(CNSNews.com) - Eleven union officials were indicted and eight were convicted in August on charges of embezzling union pension funds, following probes launched by federal auditors and investigators at the U.S. Department of Labor.
According to a report released Monday by the department's Office of Labor-Management Standards (OLMS), 84 indictments for corruption have been issued thus far in 2007, leading to the conviction of 108 union officials.
All told, nearly 800 convictions have been obtained since 2001, with court-ordered restitution exceeding $101 million, said Deputy Assistant Labor Secretary Don Todd, who announced the report's release.
In the largest enforcement effort, Jorge Aponte-Figueroa, the former president of the International Longshoreman's Association Local 1740 in San Juan, Puerto Rico, was sentenced to five years in prison and three years of supervised release for embezzling $1.9 million in union funds. He also was found guilty of falsifying records and money laundering.
Union officials were quick to dismiss the report. Teamsters Union spokeswoman Leslie Miller called the government statistics meaningless.
"Unless you look at the entire universe of (pension) funds, what does 11 indictments mean? It really doesn't mean anything," Miller told Cybercast News Service.
But Ken Boehm, chairman of the National Legal and Policy Center, said union embezzlements and financial misdeeds have become epidemic -- a fact the OLMS report documents and which the media largely ignores.
"There is rampant corruption -- it's persistent," Boehm said. "It's largely embezzlement, but it is no longer limited to what they call the 'historically corrupt' unions -- Teamsters, Laborers, and so forth. One of the biggest corruption cases involved the teachers union in Washington, D.C., with close to $5 million embezzled."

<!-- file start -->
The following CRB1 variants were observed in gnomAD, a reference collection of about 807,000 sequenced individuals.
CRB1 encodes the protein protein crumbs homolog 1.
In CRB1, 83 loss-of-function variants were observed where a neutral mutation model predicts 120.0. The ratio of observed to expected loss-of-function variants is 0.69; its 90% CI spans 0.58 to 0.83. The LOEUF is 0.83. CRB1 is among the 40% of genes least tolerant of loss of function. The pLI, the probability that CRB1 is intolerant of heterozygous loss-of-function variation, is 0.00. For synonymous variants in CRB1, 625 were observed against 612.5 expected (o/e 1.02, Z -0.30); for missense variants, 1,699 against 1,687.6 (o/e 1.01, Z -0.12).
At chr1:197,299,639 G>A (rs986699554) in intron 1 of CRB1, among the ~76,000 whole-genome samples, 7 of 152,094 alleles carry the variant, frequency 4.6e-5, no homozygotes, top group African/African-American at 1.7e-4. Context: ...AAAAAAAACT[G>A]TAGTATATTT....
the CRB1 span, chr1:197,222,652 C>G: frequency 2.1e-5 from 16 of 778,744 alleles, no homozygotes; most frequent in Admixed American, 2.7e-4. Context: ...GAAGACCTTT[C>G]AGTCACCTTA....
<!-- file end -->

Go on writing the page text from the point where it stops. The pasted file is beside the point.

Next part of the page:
Indeed, misuse of union pension funds is being conducted on an increasingly grand scale. Boehm pointed out that in one West Coast case, union officials embezzled $200 million from a pension fund.
"The biggest tragedy of all is that Congress recently cut back the amount of funds being used to investigate corruption, presumably for political reasons," he added.
In August, congressional Democrats on the House Appropriations Committee succeeded in cutting $47.7 million in funding for the OLMS out of the Labor-HHS-Education appropriations bill for fiscal year 2008 (H.R. 3043).
The Washington Times reported that during debate on an ill-fated amendment to reinstate the funding to last year's level, Rep. Patrick Kennedy (D-R.I.) accused the Labor Department's union watchdog unit of going after "people who are trying to earn a living."
The House, on a 276-140 vote, subsequently passed H.R. 3043 without the OLMS funding. The measure is currently awaiting a Senate vote.
Boehm is incredulous. "It makes no sense," he said. "This was done by members of Congress who are funded by the unions. But I would argue that if you are pro-union and a member of Congress, you should want to have union corruption probed.
"One of the main reasons why, year after year, union membership figures drop, is that individual workers are fed up with corruption. People are voting with their feet and are leaving unions," Boehm added.
Unions, however, don't see the enforcement effort as protecting the rank-and-file, said the Teamsters' Miller. They see it as government harassment, pure and simple.
"George Bush's Labor Department protects worker's rights the way George Orwell's Ministry of Truth portrayed propaganda," she said. "This is an administration that attacks working people, and it attacks them through the unions and this what the Labor Department is doing."
Nevertheless, the Labor Department pledges to continue to investigate corruption, according to Deputy Assistant Labor Secretary Todd.
"OLMS is as committed as ever to protecting union members from criminal activity by those entrusted to represent them, and we will maintain efforts to uncover wrongdoing against the rank-and-file," he said.
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